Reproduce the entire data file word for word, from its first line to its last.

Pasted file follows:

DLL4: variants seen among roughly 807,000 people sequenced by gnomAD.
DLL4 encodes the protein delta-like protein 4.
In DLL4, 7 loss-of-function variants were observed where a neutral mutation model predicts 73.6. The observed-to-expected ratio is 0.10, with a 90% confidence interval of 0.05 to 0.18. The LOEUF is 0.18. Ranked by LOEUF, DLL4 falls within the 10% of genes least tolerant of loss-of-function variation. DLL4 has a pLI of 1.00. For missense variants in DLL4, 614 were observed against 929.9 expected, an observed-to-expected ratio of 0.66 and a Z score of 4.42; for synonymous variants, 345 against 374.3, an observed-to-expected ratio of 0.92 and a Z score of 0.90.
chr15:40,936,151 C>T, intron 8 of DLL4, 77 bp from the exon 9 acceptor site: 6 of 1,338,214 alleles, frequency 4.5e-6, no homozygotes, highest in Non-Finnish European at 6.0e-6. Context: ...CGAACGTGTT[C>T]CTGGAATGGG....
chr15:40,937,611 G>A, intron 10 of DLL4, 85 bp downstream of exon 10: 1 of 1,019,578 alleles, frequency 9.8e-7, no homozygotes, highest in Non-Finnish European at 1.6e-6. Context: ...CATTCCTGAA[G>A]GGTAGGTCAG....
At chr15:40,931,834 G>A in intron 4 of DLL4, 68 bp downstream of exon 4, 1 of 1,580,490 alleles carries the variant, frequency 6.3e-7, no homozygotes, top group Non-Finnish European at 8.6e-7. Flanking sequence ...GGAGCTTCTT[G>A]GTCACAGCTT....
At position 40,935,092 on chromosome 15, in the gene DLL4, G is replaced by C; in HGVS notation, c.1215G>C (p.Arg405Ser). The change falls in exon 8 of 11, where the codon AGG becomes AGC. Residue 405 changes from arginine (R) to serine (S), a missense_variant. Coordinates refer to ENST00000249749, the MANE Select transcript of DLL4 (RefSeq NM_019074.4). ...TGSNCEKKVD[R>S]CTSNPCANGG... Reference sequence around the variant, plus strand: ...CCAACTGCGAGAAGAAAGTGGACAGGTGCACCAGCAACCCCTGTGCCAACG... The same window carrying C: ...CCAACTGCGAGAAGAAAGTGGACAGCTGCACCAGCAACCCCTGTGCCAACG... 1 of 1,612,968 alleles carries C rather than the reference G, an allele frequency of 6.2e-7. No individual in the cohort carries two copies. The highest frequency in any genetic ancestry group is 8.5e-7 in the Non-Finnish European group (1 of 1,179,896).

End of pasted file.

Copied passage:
DLL4: variants seen among roughly 807,000 people sequenced by gnomAD.
DLL4 encodes the protein delta-like protein 4.
In DLL4, 7 loss-of-function variants were observed where a neutral mutation model predicts 73.6. The observed-to-expected ratio is 0.10, with a 90% confidence interval of 0.05 to 0.18. The LOEUF is 0.18. Ranked by LOEUF, DLL4 falls within the 10% of genes least tolerant of loss-of-function variation. DLL4 has a pLI of 1.00. For missense variants in DLL4, 614 were observed against 929.9 expected, an observed-to-expected ratio of 0.66 and a Z score of 4.42; for synonymous variants, 345 against 374.3, an observed-to-expected ratio of 0.92 and a Z score of 0.90.
chr15:40,936,151 C>T, intron 8 of DLL4, 77 bp from the exon 9 acceptor site: 6 of 1,338,214 alleles, frequency 4.5e-6, no homozygotes, highest in Non-Finnish European at 6.0e-6. Context: ...CGAACGTGTT[C>T]CTGGAATGGG....
chr15:40,937,611 G>A, intron 10 of DLL4, 85 bp downstream of exon 10: 1 of 1,019,578 alleles, frequency 9.8e-7, no homozygotes, highest in Non-Finnish European at 1.6e-6. Context: ...CATTCCTGAA[G>A]GGTAGGTCAG....
At chr15:40,931,834 G>A in intron 4 of DLL4, 68 bp downstream of exon 4, 1 of 1,580,490 alleles carries the variant, frequency 6.3e-7, no homozygotes, top group Non-Finnish European at 8.6e-7. Flanking sequence ...GGAGCTTCTT[G>A]GTCACAGCTT....
At position 40,935,092 on chromosome 15, in the gene DLL4, G is replaced by C; in HGVS notation, c.1215G>C (p.Arg405Ser). The change falls in exon 8 of 11, where the codon AGG becomes AGC. Residue 405 changes from arginine (R) to serine (S), a missense_variant. Coordinates refer to ENST00000249749, the MANE Select transcript of DLL4 (RefSeq NM_019074.4). ...TGSNCEKKVD[R>S]CTSNPCANGG... Reference sequence around the variant, plus strand: ...CCAACTGCGAGAAGAAAGTGGACAGGTGCACCAGCAACCCCTGTGCCAACG... The same window carrying C: ...CCAACTGCGAGAAGAAAGTGGACAGCTGCACCAGCAACCCCTGTGCCAACG... 1 of 1,612,968 alleles carries C rather than the reference G, an allele frequency of 6.2e-7. No individual in the cohort carries two copies. The highest frequency in any genetic ancestry group is 8.5e-7 in the Non-Finnish European group (1 of 1,179,896).